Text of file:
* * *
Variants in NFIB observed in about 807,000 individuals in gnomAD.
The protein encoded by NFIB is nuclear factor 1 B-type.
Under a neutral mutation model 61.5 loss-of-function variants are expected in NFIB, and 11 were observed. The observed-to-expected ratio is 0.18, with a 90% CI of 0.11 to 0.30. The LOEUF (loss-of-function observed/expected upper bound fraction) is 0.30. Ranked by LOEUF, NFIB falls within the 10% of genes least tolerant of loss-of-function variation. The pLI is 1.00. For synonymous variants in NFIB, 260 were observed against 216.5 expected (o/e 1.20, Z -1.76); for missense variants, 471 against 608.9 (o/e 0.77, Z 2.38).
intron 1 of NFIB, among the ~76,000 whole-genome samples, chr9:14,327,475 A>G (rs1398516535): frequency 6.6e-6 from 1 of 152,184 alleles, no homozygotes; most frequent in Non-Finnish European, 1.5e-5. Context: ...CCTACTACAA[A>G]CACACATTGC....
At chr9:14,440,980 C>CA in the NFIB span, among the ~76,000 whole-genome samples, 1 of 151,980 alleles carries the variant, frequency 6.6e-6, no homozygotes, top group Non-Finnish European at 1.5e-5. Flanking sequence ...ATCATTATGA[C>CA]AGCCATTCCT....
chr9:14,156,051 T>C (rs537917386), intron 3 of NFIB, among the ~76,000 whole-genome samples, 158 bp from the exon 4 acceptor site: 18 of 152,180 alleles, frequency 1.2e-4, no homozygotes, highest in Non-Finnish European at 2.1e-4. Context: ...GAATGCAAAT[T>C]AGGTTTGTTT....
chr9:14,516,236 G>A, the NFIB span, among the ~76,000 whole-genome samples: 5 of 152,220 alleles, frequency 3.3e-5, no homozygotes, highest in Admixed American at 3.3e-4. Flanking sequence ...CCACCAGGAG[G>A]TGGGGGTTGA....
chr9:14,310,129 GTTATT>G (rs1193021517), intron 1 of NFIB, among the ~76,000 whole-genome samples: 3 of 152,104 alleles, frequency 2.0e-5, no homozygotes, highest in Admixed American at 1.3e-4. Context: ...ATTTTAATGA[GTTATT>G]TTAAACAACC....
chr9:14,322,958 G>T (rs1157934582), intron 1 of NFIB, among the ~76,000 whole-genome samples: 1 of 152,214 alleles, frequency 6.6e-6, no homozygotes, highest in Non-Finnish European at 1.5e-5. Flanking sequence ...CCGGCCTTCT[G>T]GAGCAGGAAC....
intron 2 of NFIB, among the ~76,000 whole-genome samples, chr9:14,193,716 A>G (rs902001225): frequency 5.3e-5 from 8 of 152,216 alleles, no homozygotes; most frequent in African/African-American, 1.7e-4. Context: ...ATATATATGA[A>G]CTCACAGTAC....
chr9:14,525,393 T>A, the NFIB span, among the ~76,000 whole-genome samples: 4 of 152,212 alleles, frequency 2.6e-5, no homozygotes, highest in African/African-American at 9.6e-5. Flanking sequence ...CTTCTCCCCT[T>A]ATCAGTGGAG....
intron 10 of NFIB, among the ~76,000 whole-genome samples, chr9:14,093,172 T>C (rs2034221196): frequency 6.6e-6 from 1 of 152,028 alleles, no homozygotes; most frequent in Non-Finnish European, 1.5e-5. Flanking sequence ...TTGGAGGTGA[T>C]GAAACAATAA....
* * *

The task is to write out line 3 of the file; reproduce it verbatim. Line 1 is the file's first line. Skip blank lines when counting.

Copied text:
Under a neutral mutation model 61.5 loss-of-function variants are expected in NFIB, and 11 were observed. The observed-to-expected ratio is 0.18, with a 90% CI of 0.11 to 0.30. The LOEUF (loss-of-function observed/expected upper bound fraction) is 0.30. Ranked by LOEUF, NFIB falls within the 10% of genes least tolerant of loss-of-function variation. The pLI is 1.00. For synonymous variants in NFIB, 260 were observed against 216.5 expected (o/e 1.20, Z -1.76); for missense variants, 471 against 608.9 (o/e 0.77, Z 2.38).